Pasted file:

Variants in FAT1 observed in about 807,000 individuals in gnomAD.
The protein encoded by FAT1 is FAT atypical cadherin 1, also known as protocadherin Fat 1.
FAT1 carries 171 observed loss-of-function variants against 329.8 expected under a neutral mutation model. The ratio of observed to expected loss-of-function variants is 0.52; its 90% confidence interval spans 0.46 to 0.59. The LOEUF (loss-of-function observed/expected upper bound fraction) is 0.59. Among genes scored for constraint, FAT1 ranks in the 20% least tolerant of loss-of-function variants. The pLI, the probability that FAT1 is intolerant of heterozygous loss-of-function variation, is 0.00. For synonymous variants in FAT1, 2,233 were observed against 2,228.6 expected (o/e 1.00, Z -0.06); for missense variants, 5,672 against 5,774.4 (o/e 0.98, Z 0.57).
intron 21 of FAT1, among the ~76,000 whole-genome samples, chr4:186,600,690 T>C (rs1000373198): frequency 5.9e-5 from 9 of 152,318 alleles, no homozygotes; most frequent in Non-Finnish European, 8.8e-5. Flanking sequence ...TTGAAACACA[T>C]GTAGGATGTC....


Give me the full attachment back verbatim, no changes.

Variants in FAT1 observed in about 807,000 individuals in gnomAD.
The protein encoded by FAT1 is FAT atypical cadherin 1, also known as protocadherin Fat 1.
FAT1 carries 171 observed loss-of-function variants against 329.8 expected under a neutral mutation model. The ratio of observed to expected loss-of-function variants is 0.52; its 90% confidence interval spans 0.46 to 0.59. The LOEUF (loss-of-function observed/expected upper bound fraction) is 0.59. Among genes scored for constraint, FAT1 ranks in the 20% least tolerant of loss-of-function variants. The pLI, the probability that FAT1 is intolerant of heterozygous loss-of-function variation, is 0.00. For synonymous variants in FAT1, 2,233 were observed against 2,228.6 expected (o/e 1.00, Z -0.06); for missense variants, 5,672 against 5,774.4 (o/e 0.98, Z 0.57).
intron 21 of FAT1, among the ~76,000 whole-genome samples, chr4:186,600,690 T>C (rs1000373198): frequency 5.9e-5 from 9 of 152,318 alleles, no homozygotes; most frequent in Non-Finnish European, 8.8e-5. Flanking sequence ...TTGAAACACA[T>C]GTAGGATGTC....